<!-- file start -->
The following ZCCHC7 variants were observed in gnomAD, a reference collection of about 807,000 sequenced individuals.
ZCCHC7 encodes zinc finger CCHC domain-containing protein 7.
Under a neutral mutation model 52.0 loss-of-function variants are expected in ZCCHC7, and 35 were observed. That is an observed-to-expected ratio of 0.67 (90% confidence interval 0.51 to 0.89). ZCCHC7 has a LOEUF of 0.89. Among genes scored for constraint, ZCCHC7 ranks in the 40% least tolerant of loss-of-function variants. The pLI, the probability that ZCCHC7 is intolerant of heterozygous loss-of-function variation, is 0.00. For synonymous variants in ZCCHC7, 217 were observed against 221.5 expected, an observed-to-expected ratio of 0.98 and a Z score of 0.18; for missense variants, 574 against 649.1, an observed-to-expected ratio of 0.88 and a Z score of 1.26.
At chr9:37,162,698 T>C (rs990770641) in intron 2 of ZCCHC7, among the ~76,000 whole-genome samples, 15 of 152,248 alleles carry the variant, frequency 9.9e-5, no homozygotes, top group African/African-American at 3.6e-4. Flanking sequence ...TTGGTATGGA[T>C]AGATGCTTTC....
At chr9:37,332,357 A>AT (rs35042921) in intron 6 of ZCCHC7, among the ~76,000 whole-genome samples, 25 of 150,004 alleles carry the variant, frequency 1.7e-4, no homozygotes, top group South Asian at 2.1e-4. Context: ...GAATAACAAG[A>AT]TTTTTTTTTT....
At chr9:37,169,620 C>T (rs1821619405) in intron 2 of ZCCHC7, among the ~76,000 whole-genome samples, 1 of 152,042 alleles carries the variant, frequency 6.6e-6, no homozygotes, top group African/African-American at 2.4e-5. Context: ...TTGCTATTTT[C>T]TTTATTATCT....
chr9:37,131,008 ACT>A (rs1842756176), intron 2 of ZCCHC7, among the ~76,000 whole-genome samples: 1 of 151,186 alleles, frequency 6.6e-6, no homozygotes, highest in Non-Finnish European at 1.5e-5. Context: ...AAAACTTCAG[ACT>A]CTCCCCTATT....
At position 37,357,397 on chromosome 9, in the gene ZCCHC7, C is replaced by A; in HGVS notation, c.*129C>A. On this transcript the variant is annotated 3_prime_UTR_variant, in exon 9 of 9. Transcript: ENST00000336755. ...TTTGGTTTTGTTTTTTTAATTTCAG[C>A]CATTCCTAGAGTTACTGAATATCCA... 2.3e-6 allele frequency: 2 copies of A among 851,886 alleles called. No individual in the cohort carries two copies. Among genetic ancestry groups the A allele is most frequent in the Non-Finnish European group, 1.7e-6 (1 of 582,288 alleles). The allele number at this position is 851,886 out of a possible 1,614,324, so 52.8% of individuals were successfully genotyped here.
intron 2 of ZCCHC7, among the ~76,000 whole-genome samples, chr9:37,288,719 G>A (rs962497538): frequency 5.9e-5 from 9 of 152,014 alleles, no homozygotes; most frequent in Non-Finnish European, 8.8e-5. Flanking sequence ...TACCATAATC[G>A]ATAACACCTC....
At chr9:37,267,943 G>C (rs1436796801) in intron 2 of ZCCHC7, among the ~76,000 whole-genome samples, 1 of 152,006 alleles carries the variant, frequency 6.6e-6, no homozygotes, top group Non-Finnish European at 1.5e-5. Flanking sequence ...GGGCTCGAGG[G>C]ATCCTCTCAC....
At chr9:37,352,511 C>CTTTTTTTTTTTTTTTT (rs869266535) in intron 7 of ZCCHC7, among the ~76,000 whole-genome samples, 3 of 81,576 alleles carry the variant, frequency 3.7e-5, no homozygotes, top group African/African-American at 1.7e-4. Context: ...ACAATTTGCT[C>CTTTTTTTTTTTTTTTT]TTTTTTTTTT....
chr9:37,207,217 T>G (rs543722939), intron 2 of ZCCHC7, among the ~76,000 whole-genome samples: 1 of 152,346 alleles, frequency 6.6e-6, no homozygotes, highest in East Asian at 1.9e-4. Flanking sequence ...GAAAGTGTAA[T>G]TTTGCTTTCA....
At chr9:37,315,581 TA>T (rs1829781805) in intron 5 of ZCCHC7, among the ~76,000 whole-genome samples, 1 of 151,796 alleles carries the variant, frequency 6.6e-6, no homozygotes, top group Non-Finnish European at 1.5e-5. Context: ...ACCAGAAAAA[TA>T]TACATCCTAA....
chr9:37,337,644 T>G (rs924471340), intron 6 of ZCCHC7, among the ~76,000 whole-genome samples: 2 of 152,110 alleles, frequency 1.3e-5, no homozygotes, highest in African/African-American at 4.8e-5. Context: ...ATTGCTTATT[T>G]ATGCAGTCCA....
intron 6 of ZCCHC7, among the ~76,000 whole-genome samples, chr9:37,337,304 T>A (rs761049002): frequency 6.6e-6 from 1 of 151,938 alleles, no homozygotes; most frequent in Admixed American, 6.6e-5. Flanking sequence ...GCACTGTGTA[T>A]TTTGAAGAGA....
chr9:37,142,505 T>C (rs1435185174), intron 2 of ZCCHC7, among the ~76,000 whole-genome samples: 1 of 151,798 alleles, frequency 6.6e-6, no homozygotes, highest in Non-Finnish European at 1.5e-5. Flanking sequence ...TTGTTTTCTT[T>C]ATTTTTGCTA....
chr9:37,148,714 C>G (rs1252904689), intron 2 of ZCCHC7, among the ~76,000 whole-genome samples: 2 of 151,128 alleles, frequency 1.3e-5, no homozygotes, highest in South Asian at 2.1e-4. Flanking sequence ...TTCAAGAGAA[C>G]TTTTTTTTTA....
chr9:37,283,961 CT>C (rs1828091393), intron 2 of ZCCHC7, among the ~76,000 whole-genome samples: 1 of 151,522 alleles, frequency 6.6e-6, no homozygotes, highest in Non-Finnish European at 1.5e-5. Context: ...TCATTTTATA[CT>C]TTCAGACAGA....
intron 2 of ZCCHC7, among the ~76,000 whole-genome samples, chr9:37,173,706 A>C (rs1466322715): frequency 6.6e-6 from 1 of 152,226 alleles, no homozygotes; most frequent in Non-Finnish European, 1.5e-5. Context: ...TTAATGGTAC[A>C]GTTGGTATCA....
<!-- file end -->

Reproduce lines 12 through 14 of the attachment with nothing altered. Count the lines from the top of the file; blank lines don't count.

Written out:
chr9:37,207,217 T>G (rs543722939), intron 2 of ZCCHC7, among the ~76,000 whole-genome samples: 1 of 152,346 alleles, frequency 6.6e-6, no homozygotes, highest in East Asian at 1.9e-4. Flanking sequence ...GAAAGTGTAA[T>G]TTTGCTTTCA....
At chr9:37,315,581 TA>T (rs1829781805) in intron 5 of ZCCHC7, among the ~76,000 whole-genome samples, 1 of 151,796 alleles carries the variant, frequency 6.6e-6, no homozygotes, top group Non-Finnish European at 1.5e-5. Context: ...ACCAGAAAAA[TA>T]TACATCCTAA....
chr9:37,337,644 T>G (rs924471340), intron 6 of ZCCHC7, among the ~76,000 whole-genome samples: 2 of 152,110 alleles, frequency 1.3e-5, no homozygotes, highest in African/African-American at 4.8e-5. Context: ...ATTGCTTATT[T>G]ATGCAGTCCA....